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And with that, the Mariners become the fifth team in baseball to hit 70 losses, narrowly beating out their National League equivalent in San Francisco. That's the bad news. The good news is that they lost #70 two weeks earlier a year ago, and progress is progress, even at the worst of times. Besides, with Meche, Pineiro, Franklin, and Sele accumulating so many starts, it's a wonder this team has won any games, let alone 53.

Today's game just goes to show that you can only have one active miracle at any given moment - either Joel Pineiro can pitch well or Greg Dobbs can smack a few around the park, but you can never have them both succeeding at the same time. Kind of like the Mariners and Seahawks. Hargrove should have known as soon as Dobbs went deep that Joel was in for a heap of trouble, but he stood pat, and the team had the face the unfortunate consequences. Chalk this one up as a learning experience, and expect better the next time around.

By the way, Lew Ford? That guy's starting to piss me off. Nevermind the crazygood catch on Sexson's drive yesterday afternoon - he's a career .359 hitter against Seattle with five home runs and 12 RBI in 64 at bats. It's one thing to be owned by Raffy Palmeiro, but when you start talking about third- and fourth-tier Major Leaguers, that goes beyond the threshold of acceptability. No wonder Clint Nageotte was trying to knock him down, eh, Poncino?

Biggest Contribution: Greg Dobbs, +20.1%
Biggest Suckfest: Joel Pineiro, -59.2%
Most Important Hit: Dobbs homer, +22.8%
Most Important Pitch: LeCroy single, -18.2%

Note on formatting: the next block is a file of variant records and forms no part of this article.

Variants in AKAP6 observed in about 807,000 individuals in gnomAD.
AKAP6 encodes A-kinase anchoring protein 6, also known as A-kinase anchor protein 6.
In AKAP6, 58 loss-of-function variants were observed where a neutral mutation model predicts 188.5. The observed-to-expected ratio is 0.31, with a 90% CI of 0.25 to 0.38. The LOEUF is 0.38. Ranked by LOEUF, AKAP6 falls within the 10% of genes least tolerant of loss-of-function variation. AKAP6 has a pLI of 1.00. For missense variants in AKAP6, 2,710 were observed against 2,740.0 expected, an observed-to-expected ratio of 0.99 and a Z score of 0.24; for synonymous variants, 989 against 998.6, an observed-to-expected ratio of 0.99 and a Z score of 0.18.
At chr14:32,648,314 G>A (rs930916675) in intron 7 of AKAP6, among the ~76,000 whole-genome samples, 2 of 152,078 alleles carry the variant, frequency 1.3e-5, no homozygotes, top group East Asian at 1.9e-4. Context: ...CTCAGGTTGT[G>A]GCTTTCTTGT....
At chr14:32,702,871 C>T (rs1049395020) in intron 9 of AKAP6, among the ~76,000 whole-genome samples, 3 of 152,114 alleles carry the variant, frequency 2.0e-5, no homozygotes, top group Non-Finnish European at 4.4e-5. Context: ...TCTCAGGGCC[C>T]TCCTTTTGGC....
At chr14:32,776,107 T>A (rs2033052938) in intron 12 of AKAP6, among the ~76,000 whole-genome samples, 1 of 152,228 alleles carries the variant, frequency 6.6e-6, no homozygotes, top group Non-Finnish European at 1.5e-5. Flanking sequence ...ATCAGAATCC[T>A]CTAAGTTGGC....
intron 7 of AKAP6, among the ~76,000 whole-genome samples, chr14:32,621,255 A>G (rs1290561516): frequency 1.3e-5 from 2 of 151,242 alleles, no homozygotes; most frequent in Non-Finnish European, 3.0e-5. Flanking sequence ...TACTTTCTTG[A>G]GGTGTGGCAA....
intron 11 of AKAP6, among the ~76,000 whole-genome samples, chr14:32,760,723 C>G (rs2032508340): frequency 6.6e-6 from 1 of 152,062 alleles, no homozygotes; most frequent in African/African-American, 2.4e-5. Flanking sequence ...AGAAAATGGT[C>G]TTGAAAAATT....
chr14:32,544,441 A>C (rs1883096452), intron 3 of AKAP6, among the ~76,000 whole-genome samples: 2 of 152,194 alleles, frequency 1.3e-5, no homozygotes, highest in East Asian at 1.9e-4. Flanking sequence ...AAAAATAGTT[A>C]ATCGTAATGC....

Total Contribution by Pitcher(s): -58.0%
Total Contribution by Hitters: +4.8%

(What is this?)

If I had to turn my emotions into a picture, it would look a lot like today's win expectancy chart, only instead of the y axis going from 100% to 0%, it would go from confused (Dobbs??) to dumbstruck. That's a huge slope there in the middle of the graph, and even if you missed the entire game, that should tell you all you need to know. Over the span of that awful fifth inning, the Mariners' chances of winning were reduced by nearly 66%, and we suddenly have a new candidate for Worst Inning of the Season.

Subjective call of the day: I charged Reed with getting picked off in the top of the second, even though he made it back safely when Nicky Punto dropped the ball. Them's the breaks.

Something I hope for whenever I sit down and watch this team for three hours every day is that they find a way to entertain me, even if they end up losing. When you follow a bad team, there is such a thing as a "good loss," in the way that tearing off the white stuff around an orange can be satisfying even if the orange itself is tasteless and dry. Today was not one of those losses, unless you consider the latest Joel Pineiro meltdown to be grade-A entertainment. Even at his best, Pineiro didn't look real good, and despite the two Mariner blasts, the game was over when Ford did his business with two men on. The last four innings or so made for an excruciatingly torturous way to spend the start of your Sunday afternoon, and if you shut off the TV early to go find something better to do, I don't blame you.

Wait, the Royals just took a series in Oakland? What?